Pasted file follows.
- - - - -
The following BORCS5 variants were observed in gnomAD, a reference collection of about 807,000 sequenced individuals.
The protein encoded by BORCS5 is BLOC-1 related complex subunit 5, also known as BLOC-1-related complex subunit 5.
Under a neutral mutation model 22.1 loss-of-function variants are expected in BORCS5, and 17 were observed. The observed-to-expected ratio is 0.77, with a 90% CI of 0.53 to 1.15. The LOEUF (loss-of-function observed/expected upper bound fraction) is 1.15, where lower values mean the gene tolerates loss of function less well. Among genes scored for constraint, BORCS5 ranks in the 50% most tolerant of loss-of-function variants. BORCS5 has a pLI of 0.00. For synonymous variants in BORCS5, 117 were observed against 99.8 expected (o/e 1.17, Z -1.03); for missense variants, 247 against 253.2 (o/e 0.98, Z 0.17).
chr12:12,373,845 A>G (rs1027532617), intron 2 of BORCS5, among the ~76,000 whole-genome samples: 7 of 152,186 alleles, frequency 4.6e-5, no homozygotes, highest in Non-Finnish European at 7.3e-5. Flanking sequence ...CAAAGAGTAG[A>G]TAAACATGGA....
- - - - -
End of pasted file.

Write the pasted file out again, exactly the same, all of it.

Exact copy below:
The following BORCS5 variants were observed in gnomAD, a reference collection of about 807,000 sequenced individuals.
The protein encoded by BORCS5 is BLOC-1 related complex subunit 5, also known as BLOC-1-related complex subunit 5.
Under a neutral mutation model 22.1 loss-of-function variants are expected in BORCS5, and 17 were observed. The observed-to-expected ratio is 0.77, with a 90% CI of 0.53 to 1.15. The LOEUF (loss-of-function observed/expected upper bound fraction) is 1.15, where lower values mean the gene tolerates loss of function less well. Among genes scored for constraint, BORCS5 ranks in the 50% most tolerant of loss-of-function variants. BORCS5 has a pLI of 0.00. For synonymous variants in BORCS5, 117 were observed against 99.8 expected (o/e 1.17, Z -1.03); for missense variants, 247 against 253.2 (o/e 0.98, Z 0.17).
chr12:12,373,845 A>G (rs1027532617), intron 2 of BORCS5, among the ~76,000 whole-genome samples: 7 of 152,186 alleles, frequency 4.6e-5, no homozygotes, highest in Non-Finnish European at 7.3e-5. Flanking sequence ...CAAAGAGTAG[A>G]TAAACATGGA....